10. Interviews: At many schools, the opportunity to interview is offered on an invitation-only basis. So, if you receive a request to interview, that is a good sign! You have worked so hard up to this point to submit a strong application, so do not put the brakes on just yet. Good interviews require practice! Make sure to read the mbaMission Interview Guide as well as any applicable school-specific interview guides as you prepare for this important meeting. Know who your potential interviewer will be and whether they will have reviewed your entire application in advance (“comprehensive” format) or will have only your resume for reference (“blind” format). Practice answering behavioral questions using the “STAR” (situation, task, action, results) framework for logical responses, with good flow and sharing your stories concisely. Make sure you can clearly articulate your career goals, why you need an MBA, why now, and also why the specific school is a good fit for you. Consider practicing with an mbaMission consultant, who can provide valuable feedback and coaching. Rehearsing your answers will give you confidence for the big day and help mitigate any natural pre-interview jitters.

So, you have submitted your application and completed your interview; now the really tough phase begins—waiting to hear if you have been accepted, waitlisted, or denied. If you find yourself on the waitlist, make sure to read the mbaMission Waitlist Guide to understand proactive steps you might consider during this ambiguous period of time.

The MBA admissions process is certainly not for the faint of heart, and it requires very careful and thorough consideration, as well as a significant dedication of time (and eventually funding). An mbaMission consultant can personally guide you through the process and provide strategic advice at every stage to help you improve your chances of being accepted at your dream school(s). Do not be deterred by the arduous work involved; plan appropriately, seek help as needed, and set your expectations accordingly. It will all be worthwhile! Almost all MBA graduates would agree that the transformative experience of attending business school and the lifelong friendships cultivated more than make up for the lengthy and challenging application process.
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MBA Admissions Myths Destroyed: You Need a 750 GMAT to Get into Busine [#permalink]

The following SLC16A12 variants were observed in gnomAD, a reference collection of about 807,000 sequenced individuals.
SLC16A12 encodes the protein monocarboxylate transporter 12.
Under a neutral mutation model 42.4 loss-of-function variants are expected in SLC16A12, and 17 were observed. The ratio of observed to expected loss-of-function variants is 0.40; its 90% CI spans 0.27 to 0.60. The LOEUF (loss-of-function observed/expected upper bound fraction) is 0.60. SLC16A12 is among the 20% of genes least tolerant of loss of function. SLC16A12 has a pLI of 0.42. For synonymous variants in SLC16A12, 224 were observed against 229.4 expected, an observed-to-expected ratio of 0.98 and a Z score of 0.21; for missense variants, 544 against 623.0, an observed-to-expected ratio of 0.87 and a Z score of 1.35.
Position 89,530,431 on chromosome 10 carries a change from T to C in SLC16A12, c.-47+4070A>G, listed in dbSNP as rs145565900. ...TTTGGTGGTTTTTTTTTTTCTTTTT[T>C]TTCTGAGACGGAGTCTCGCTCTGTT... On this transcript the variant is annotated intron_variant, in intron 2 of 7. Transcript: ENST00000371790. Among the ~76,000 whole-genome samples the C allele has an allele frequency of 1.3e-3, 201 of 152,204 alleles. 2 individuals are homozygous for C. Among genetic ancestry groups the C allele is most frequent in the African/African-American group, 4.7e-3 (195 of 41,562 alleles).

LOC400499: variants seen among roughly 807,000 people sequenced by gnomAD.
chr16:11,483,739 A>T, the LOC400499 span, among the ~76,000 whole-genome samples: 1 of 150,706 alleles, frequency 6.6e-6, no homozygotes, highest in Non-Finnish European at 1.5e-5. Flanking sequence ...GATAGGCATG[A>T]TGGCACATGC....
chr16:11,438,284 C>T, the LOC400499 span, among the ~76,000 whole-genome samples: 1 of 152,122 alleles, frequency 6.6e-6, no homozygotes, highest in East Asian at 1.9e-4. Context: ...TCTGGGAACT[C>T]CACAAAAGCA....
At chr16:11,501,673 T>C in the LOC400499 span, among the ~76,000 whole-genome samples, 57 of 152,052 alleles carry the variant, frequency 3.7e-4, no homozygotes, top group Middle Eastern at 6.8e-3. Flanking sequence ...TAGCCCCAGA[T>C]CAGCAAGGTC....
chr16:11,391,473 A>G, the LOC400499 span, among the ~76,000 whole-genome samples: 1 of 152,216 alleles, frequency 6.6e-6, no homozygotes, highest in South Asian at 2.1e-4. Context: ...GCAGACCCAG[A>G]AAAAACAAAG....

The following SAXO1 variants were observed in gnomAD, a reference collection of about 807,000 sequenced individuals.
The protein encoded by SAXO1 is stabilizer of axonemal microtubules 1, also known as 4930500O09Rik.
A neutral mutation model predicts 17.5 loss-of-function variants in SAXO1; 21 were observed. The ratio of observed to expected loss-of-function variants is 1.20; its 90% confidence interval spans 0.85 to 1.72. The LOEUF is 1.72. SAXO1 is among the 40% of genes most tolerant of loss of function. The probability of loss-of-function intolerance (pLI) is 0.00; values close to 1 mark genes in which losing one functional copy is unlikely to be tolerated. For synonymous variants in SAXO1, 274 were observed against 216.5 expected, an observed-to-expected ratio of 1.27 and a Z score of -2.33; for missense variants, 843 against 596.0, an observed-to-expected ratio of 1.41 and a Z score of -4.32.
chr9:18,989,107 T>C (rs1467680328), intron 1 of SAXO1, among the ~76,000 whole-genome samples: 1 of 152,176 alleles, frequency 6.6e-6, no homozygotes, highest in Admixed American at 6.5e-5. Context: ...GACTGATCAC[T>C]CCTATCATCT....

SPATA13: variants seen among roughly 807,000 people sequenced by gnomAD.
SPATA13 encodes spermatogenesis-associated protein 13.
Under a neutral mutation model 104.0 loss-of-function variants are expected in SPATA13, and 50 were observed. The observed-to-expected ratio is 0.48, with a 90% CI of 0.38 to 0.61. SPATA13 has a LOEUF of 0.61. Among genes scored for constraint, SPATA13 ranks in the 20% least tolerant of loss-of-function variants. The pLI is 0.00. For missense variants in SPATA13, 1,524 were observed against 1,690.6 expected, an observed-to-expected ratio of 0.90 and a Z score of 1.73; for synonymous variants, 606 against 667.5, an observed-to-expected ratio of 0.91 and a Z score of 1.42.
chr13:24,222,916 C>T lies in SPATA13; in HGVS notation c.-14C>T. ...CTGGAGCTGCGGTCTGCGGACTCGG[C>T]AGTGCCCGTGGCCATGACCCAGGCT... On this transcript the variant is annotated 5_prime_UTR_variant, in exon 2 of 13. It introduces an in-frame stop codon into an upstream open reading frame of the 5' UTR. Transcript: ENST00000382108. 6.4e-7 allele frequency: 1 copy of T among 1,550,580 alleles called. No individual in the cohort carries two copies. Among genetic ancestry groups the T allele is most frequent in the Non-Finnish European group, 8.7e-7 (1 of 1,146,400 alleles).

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FROM mbaMission Blog: MBA Admissions Myths Destroyed: You Need a 750 GMAT to Get into Business School
We often hear MBA applicants ask some form of the following question: “Do I need a 750 to get into a top MBA program?” Although a 750 on the GMAT can certainly be helpful, it is not a prerequisite. We wanted to dispel this myth and put some who believe it at ease. Here are a few simple reasons why this is just not true:

  • The average is lower. Average GMAT scores at the top MBA programs range from approximately 700 to 730. Clearly, if the high end of the GMAT average range is 730, the schools cannot expect applicants to have a 750. That would mean that every applicant would be above average, which is not possible. Still, if a candidate’s score falls below the average, this generally places a greater burden on the other components of the individual’s application—so, for example, maybe their work experience would need to be stronger than that of other applicants, or maybe their extracurriculars would need to stand out even more. The bottom line is that mathematically speaking, many people have a GMAT score below 750.
  • Too few applicants have a 750 or higher. The top MBA programs accept thousands of applicants each application season. Only approximately 2% of GMAT test takers earn scores of 750 or higher, and some are earned by people who do not ultimately apply to business school at all, do not apply to any of the leading schools, take the test only to become GMAT instructors, pursue an EMBA or part-time MBA instead, are rejected because other aspects of their profile render them uncompetitive… and the list goes on. Basically, the top MBA programs do not receive applications from enough applicants with 750s to entirely populate their incoming class, as evidenced by the schools’ mid-80% GMAT ranges, which are typically 660–760.
  • All schools accept the GRE. Applicants do not really even need to take the GMAT anymore. Of course, if you do take the GMAT, you should strive to achieve the highest score possible. However, if the GMAT is not even required, you obviously would not need to score a 750 to be accepted.
We want to be unequivocal: 750 is a great GMAT score, and anyone who earns that score should be delighted. However, if you do not fare as well on the exam, you should still be quite hopeful and keep a positive mindset, because the admissions process is holistic.